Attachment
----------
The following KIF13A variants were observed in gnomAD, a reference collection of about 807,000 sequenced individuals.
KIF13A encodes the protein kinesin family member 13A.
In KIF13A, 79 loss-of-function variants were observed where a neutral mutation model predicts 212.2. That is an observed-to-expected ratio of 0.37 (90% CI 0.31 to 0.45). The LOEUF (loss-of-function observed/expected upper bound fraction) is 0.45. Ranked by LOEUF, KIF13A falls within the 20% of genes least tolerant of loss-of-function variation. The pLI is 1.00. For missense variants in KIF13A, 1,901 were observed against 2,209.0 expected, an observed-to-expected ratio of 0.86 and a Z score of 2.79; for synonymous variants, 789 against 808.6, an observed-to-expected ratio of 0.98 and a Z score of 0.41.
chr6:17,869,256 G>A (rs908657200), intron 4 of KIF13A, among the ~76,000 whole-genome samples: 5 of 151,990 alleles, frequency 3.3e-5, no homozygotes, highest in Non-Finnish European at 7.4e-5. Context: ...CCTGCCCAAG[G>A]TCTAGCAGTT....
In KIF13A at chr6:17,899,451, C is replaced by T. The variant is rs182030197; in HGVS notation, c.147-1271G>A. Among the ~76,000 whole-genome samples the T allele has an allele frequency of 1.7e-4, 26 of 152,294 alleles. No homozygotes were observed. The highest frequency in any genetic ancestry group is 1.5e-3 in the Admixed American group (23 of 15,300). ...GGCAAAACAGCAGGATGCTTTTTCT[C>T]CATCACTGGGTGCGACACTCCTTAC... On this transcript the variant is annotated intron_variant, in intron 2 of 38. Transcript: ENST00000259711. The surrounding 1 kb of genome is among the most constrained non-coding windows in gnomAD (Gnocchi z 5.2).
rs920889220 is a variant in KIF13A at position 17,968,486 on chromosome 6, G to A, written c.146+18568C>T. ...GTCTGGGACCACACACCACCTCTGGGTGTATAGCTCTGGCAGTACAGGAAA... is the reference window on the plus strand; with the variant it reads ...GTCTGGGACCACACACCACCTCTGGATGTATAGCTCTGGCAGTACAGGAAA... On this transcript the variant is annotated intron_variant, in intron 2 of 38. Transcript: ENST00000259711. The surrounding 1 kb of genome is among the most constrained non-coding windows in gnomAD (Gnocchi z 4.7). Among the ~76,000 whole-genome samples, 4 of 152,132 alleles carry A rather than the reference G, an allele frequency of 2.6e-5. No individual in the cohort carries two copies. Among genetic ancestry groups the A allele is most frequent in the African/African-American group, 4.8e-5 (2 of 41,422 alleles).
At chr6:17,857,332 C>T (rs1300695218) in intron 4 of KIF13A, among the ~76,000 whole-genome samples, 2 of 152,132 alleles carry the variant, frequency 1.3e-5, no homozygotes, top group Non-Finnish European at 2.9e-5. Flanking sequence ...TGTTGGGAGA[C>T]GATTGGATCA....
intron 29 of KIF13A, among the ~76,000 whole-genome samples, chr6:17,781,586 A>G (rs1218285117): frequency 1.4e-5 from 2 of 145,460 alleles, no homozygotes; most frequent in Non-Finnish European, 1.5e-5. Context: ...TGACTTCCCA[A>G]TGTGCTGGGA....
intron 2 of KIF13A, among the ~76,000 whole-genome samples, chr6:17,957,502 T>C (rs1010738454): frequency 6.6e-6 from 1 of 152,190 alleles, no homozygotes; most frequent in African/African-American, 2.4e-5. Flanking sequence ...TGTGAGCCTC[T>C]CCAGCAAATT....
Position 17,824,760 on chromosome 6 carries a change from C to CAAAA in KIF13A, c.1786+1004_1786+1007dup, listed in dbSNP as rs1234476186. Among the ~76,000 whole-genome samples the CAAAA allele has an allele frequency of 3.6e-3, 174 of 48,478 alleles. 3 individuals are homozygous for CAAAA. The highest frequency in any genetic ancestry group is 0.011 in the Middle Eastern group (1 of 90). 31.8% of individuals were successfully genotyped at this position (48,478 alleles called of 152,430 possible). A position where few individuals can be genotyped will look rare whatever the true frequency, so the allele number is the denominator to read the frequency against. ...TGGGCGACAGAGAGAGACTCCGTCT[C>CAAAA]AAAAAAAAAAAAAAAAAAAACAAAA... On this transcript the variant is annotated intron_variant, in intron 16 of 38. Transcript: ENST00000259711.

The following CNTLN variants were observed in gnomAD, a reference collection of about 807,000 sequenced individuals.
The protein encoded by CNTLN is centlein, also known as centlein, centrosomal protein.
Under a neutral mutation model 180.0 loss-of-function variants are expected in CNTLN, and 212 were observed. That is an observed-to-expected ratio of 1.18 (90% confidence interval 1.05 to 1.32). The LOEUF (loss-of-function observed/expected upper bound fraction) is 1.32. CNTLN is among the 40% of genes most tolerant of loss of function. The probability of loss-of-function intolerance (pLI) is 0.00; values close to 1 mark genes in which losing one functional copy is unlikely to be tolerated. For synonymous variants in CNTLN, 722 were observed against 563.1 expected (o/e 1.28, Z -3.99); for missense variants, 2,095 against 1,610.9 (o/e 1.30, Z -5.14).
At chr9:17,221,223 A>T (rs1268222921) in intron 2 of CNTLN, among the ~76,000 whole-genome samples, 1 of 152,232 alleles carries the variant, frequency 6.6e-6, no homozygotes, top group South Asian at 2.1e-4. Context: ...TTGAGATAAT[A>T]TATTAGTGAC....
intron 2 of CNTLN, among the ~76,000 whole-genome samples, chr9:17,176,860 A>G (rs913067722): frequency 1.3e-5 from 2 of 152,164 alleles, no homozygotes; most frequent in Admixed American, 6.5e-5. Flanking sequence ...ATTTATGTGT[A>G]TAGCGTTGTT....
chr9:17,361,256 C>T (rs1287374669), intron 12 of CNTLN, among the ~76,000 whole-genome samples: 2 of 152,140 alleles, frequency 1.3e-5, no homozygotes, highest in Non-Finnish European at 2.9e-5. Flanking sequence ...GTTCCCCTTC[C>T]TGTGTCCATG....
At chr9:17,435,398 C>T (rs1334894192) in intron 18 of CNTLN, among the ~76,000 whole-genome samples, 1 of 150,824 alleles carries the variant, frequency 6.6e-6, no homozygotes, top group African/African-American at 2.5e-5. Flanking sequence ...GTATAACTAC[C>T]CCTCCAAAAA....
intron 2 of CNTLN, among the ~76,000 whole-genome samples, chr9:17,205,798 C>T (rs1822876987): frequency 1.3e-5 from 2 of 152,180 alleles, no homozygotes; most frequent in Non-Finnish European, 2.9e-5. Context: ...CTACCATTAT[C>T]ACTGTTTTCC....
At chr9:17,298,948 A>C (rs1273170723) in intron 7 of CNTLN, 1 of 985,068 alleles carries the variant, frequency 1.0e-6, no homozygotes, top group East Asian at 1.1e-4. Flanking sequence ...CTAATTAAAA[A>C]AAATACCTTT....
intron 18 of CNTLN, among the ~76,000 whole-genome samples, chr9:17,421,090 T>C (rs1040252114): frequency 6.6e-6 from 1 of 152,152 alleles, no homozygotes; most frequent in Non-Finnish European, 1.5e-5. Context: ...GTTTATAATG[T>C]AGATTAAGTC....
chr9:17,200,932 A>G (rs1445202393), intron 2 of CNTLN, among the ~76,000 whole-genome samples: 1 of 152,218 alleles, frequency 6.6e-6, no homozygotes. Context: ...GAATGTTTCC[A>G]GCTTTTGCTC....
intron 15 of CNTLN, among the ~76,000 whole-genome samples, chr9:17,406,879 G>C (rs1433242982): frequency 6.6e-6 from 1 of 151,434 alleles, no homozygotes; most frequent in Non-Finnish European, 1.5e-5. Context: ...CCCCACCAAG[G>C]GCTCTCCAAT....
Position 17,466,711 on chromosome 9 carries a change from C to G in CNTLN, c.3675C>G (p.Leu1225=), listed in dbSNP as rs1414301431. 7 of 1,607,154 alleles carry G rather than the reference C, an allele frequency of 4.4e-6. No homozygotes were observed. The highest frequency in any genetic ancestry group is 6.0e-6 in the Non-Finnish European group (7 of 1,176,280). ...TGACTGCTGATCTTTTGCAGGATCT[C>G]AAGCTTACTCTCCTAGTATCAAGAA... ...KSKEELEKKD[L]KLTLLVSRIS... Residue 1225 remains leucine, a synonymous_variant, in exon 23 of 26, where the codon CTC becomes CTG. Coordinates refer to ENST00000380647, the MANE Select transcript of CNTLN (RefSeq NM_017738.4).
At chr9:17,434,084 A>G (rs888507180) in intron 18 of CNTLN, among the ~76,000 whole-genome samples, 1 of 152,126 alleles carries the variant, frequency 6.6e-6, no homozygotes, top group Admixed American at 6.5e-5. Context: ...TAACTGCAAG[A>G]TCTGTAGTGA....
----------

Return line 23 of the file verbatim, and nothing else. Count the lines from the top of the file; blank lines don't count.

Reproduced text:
Position 17,466,711 on chromosome 9 carries a change from C to G in CNTLN, c.3675C>G (p.Leu1225=), listed in dbSNP as rs1414301431. 7 of 1,607,154 alleles carry G rather than the reference C, an allele frequency of 4.4e-6. No homozygotes were observed. The highest frequency in any genetic ancestry group is 6.0e-6 in the Non-Finnish European group (7 of 1,176,280). ...TGACTGCTGATCTTTTGCAGGATCT[C>G]AAGCTTACTCTCCTAGTATCAAGAA... ...KSKEELEKKD[L]KLTLLVSRIS... Residue 1225 remains leucine, a synonymous_variant, in exon 23 of 26, where the codon CTC becomes CTG. Coordinates refer to ENST00000380647, the MANE Select transcript of CNTLN (RefSeq NM_017738.4).